Learning to say “no” to people is tough, and can make you feel like a jerk in the moment; but it is oh-so-necessary, in both business and your personal life. If you say “yes” to every project or favor that comes your way, you can set yourself — and anyone you’re working with — on a path toward potential disappointment.
I’ve gotten much better at saying “no” in my personal life. Professionally, I’ve been trying to focus more on the creative projects I want to work on. That means I need to withdraw from tasks that don’t fit into my time table or wheelhouse… which is easier said than done. Walking away is especially challenging when you are short on change and could simply use a few extra bucks. And when a project falls into your lap… why not take advantage of it? Seems quick and easy, right?
Lessons I learned from my most recent project:
- It is never quick and easy. Never ever.
- The client inquiring about your services needs to understand what you provide. For me, I need to point them to my portfolio and make sure that they know what my artistic style is — I don’t do soft charcoals or life-like sketches. On the flipside, maybe ask for some examples of what they like. This helps make sure everybody’s on the same page, and can save time and energy later.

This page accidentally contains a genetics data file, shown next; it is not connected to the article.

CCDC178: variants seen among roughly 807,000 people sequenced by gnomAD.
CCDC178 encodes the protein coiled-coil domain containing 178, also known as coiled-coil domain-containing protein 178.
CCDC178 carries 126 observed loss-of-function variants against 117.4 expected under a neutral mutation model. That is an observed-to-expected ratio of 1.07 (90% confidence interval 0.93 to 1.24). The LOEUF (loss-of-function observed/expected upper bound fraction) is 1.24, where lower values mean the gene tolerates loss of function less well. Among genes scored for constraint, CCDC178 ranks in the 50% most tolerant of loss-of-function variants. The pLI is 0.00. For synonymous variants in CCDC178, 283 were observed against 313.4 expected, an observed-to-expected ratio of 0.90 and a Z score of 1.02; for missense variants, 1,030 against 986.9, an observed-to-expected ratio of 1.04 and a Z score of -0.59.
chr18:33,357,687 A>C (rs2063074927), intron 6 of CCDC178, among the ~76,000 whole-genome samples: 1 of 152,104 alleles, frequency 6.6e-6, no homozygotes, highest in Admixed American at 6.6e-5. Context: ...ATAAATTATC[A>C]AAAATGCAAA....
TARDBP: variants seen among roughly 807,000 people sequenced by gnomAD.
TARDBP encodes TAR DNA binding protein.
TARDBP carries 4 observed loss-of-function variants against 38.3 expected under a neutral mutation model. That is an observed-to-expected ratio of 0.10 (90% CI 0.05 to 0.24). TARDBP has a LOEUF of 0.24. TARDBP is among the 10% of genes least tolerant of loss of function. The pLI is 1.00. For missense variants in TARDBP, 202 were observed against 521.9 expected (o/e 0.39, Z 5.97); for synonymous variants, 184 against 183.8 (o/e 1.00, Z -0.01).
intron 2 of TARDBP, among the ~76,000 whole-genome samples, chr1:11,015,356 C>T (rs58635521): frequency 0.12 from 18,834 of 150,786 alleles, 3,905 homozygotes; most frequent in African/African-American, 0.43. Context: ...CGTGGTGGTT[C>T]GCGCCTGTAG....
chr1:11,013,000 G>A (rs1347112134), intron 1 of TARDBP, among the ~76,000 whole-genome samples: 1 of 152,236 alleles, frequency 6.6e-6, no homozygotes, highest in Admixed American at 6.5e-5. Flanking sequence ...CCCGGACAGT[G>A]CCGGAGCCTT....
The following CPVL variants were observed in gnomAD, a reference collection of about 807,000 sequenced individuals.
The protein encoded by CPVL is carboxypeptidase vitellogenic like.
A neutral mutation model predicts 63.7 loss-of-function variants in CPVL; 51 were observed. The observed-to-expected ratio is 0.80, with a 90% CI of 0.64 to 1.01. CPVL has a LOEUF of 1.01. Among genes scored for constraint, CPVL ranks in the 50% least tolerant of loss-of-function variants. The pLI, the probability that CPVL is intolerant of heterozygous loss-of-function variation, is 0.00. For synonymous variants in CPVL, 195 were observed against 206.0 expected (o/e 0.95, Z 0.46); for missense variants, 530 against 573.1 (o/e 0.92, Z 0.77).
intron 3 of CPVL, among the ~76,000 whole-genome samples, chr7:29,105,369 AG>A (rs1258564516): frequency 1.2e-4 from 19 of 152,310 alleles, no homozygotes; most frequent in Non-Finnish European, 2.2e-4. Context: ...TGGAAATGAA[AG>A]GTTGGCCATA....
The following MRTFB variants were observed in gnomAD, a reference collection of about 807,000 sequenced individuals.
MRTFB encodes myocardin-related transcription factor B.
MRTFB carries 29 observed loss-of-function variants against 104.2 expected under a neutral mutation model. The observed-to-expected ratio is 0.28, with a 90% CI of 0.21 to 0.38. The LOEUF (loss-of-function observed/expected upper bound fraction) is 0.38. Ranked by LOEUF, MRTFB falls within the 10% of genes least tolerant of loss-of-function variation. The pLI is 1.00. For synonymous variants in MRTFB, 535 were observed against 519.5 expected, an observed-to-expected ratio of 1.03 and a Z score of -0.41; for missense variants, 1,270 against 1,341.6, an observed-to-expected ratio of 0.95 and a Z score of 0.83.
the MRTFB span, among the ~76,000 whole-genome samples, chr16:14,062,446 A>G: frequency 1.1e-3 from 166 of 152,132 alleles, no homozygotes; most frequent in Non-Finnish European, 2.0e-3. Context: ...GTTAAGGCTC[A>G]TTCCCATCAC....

- Be aware of the subject matter. This project was for a religious blog and in this particular case meant detail work. My style tends to be rather simplistic and cutesy — robed Jesus is neither of these, and it was not a natural fit.
- Custom work will always take longer than you think it will. Illustrations will take four times longer than the client thinks they will. I need to charge appropriately for the time involved, even when it scares someone away. My time is worth more money than what I’m usually charging, and I could use that time to do something more personally fulfilling (which could in turn lead to a better paying, more Rachel-appropriate project down the road).
The gentleman I worked with on this project was an absolute pleasure to correspond with, and I believe all parties were pleased in the end. Unfortunately, I now have a final product that will not go into my portfolio, because it is not a style I’d like to do again in the future. Now I know I need to better probe potential clients for what they’re looking for, make sure it fits into what I do, and be brave enough to say “no thanks” if we aren’t both going to benefit from working together.